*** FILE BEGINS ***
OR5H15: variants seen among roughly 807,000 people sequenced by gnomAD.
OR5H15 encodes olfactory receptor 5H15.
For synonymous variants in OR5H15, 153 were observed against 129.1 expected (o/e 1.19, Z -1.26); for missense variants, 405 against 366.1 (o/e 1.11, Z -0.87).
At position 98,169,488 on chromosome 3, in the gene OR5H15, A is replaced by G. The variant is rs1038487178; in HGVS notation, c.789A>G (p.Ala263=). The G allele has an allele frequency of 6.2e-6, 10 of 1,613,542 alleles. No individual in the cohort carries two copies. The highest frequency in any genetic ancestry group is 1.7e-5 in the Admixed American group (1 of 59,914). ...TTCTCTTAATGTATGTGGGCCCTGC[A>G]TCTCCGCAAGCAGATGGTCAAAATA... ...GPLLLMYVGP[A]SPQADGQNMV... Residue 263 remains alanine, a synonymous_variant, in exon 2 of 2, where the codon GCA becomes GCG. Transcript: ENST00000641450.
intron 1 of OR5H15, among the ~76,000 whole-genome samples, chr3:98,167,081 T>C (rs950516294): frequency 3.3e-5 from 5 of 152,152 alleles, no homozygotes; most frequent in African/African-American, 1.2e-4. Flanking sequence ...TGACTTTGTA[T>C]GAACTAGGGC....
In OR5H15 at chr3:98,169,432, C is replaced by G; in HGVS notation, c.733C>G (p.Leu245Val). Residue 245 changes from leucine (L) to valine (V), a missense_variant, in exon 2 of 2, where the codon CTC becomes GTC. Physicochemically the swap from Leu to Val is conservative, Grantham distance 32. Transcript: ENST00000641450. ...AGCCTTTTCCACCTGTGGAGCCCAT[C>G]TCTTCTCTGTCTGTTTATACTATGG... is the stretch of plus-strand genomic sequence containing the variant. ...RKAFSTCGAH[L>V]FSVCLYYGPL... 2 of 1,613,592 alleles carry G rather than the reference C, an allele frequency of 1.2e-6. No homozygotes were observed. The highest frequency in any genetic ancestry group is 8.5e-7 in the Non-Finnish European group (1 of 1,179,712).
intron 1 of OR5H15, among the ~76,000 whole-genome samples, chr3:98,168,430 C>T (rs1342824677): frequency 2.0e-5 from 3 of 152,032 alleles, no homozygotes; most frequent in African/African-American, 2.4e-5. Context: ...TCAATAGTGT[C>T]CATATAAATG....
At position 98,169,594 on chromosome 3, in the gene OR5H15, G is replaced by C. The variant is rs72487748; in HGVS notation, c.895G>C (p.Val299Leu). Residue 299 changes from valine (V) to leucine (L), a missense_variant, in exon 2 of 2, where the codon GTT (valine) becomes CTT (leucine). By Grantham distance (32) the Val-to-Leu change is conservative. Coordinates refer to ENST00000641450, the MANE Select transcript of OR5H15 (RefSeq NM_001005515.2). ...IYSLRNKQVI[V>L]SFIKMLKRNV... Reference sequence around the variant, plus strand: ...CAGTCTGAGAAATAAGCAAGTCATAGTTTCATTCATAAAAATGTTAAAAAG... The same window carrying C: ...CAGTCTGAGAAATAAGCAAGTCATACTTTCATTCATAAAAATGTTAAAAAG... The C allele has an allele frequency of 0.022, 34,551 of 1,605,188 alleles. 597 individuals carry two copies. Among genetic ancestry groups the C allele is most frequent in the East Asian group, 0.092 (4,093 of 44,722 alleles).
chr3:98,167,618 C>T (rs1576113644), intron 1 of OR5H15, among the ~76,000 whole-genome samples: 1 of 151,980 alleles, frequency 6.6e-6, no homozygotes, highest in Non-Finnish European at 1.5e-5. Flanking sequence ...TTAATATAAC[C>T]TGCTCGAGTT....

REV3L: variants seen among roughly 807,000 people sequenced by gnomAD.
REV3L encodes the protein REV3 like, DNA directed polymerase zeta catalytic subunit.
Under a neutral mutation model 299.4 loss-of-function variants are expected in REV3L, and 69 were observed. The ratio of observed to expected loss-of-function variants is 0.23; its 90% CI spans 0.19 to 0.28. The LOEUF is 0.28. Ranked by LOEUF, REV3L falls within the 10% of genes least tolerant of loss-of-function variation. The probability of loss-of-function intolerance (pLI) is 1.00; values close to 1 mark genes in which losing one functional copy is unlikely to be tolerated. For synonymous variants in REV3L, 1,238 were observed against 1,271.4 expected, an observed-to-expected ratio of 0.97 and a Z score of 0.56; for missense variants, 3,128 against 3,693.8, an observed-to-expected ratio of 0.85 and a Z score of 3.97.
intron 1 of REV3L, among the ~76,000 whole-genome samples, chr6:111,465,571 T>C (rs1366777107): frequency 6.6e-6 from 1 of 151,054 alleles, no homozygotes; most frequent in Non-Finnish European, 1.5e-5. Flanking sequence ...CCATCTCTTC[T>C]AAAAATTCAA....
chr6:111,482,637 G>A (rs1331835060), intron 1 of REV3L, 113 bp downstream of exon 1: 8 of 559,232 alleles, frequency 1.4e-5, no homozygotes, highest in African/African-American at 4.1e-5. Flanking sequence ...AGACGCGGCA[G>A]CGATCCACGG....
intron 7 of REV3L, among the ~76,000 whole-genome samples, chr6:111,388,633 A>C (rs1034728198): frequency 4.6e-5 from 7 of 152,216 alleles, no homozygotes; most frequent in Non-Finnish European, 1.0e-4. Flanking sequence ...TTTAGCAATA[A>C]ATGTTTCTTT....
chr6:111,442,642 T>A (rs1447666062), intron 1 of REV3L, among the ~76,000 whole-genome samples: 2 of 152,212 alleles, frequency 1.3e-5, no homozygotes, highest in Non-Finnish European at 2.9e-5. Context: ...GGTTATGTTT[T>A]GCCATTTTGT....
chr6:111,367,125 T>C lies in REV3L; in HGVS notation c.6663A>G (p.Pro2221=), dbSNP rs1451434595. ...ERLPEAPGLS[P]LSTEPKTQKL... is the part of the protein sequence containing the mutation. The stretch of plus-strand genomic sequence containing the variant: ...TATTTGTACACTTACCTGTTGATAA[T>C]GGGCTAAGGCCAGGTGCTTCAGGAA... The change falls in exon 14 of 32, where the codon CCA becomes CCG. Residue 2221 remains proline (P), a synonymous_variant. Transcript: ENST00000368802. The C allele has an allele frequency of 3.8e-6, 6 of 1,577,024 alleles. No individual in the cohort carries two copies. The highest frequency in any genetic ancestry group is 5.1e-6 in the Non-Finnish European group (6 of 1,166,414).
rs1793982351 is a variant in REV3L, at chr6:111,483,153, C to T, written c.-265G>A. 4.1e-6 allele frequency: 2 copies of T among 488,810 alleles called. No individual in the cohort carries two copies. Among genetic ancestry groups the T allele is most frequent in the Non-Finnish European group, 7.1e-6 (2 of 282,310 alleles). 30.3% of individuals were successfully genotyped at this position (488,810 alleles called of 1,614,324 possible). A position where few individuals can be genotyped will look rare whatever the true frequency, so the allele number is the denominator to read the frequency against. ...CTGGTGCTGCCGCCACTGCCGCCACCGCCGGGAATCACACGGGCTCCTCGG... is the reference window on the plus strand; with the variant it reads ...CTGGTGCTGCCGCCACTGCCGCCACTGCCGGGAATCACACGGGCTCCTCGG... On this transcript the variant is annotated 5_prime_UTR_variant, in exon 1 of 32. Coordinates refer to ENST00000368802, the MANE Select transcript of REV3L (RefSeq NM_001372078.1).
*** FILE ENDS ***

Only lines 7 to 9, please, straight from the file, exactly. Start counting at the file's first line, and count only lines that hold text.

intron 1 of OR5H15, among the ~76,000 whole-genome samples, chr3:98,168,430 C>T (rs1342824677): frequency 2.0e-5 from 3 of 152,032 alleles, no homozygotes; most frequent in African/African-American, 2.4e-5. Context: ...TCAATAGTGT[C>T]CATATAAATG....
At position 98,169,594 on chromosome 3, in the gene OR5H15, G is replaced by C. The variant is rs72487748; in HGVS notation, c.895G>C (p.Val299Leu). Residue 299 changes from valine (V) to leucine (L), a missense_variant, in exon 2 of 2, where the codon GTT (valine) becomes CTT (leucine). By Grantham distance (32) the Val-to-Leu change is conservative. Coordinates refer to ENST00000641450, the MANE Select transcript of OR5H15 (RefSeq NM_001005515.2). ...IYSLRNKQVI[V>L]SFIKMLKRNV... Reference sequence around the variant, plus strand: ...CAGTCTGAGAAATAAGCAAGTCATAGTTTCATTCATAAAAATGTTAAAAAG... The same window carrying C: ...CAGTCTGAGAAATAAGCAAGTCATACTTTCATTCATAAAAATGTTAAAAAG... The C allele has an allele frequency of 0.022, 34,551 of 1,605,188 alleles. 597 individuals carry two copies. Among genetic ancestry groups the C allele is most frequent in the East Asian group, 0.092 (4,093 of 44,722 alleles).
chr3:98,167,618 C>T (rs1576113644), intron 1 of OR5H15, among the ~76,000 whole-genome samples: 1 of 151,980 alleles, frequency 6.6e-6, no homozygotes, highest in Non-Finnish European at 1.5e-5. Flanking sequence ...TTAATATAAC[C>T]TGCTCGAGTT....